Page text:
I wander over to the Nauman video. A clown is being tortured on simultaneous video screens. “Clown Torture,” it’s called. Later, in the Permanent Collection, I bump into the girl from Santa Barbara. In the center of the room, a metal sculpture of a man moves his motorized mouth up and down. A silent

YAK

YAK

YAK

This, I understand. I stand as close to it as I can. The guard watches me suspiciously.

Over in the North Gallery there’s an empty spot in one corner. Something was there, but it’s been                 removed. I make a sign for myself and hang it around my neck. I stand in the corner of the Permanent Collection, North Gallery, as still as I can, one arm out in the gesture of an actor about to speak.

Eat this.
You’ve eaten it before.
The next one will be sweet.
The street that goes nowhere is in your bed.
You know nothing,
but you can see everything.

A woman and her little girl walk up to me. “What does the sign say?” the girl asks.

“Touch me,” her mother says. “The sign says touch me.”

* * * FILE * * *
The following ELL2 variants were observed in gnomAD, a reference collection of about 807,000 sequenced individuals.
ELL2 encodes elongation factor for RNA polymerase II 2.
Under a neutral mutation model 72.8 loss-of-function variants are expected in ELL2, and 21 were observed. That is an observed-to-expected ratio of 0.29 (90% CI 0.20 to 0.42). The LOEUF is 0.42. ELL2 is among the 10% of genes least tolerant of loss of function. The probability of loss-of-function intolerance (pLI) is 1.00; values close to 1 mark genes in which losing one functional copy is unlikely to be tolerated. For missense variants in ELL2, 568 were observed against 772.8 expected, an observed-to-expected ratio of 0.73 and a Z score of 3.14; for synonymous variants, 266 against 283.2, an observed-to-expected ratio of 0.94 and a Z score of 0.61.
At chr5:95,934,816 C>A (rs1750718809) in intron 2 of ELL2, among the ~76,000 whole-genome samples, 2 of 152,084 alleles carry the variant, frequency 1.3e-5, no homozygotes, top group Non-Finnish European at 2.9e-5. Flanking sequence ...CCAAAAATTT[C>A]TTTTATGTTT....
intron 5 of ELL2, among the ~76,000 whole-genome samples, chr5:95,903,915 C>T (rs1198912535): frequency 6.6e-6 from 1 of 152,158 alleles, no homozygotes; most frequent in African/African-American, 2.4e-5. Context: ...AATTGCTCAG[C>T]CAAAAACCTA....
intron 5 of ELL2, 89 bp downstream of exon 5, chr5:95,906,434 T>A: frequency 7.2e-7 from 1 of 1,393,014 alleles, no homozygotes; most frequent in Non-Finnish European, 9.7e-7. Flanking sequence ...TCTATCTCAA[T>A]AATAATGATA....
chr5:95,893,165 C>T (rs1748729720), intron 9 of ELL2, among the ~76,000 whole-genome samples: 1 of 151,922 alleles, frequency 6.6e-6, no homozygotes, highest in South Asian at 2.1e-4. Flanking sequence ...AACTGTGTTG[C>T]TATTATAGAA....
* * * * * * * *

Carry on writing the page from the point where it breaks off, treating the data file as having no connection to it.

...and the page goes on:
So the child reaches out a hand and touches my own.

by Jack Grapes

A New Year

Standard
The sun is crashing through the morning windows as if it were June.

I want so much from this New Year.

I want not to tiptoe through my relationships.
I want not to relinquish my freedom to the musty dank of ancient fears.
I want to fill my path with Light as bright as this January summer sun.

Forgive me all the sins of years, and grant me the hope of a graceful life.
Help me to see myself as I see those who surround me with love.
Bring me to the knees of compassion and tenderness.
Remind me to laugh with my entire heart.

Send me out to give of myself the gifts that I have not yet seen.
Bring me afresh to the wonder of life and those who live.
Give me the determination to forge ahead when the day is stale and empty of inspiration.
Devote me to my promises, my truth, my word.

Fold me in the arms and wings of those who are ever present to fashion of me a being of joy.
Let me never wander from your kindly Sight, or trespass on the ground of squandered time.

Thank you for giving to me all I need before I think to ask.

Stormy Bailey
© 1 January 2009, The CatWirks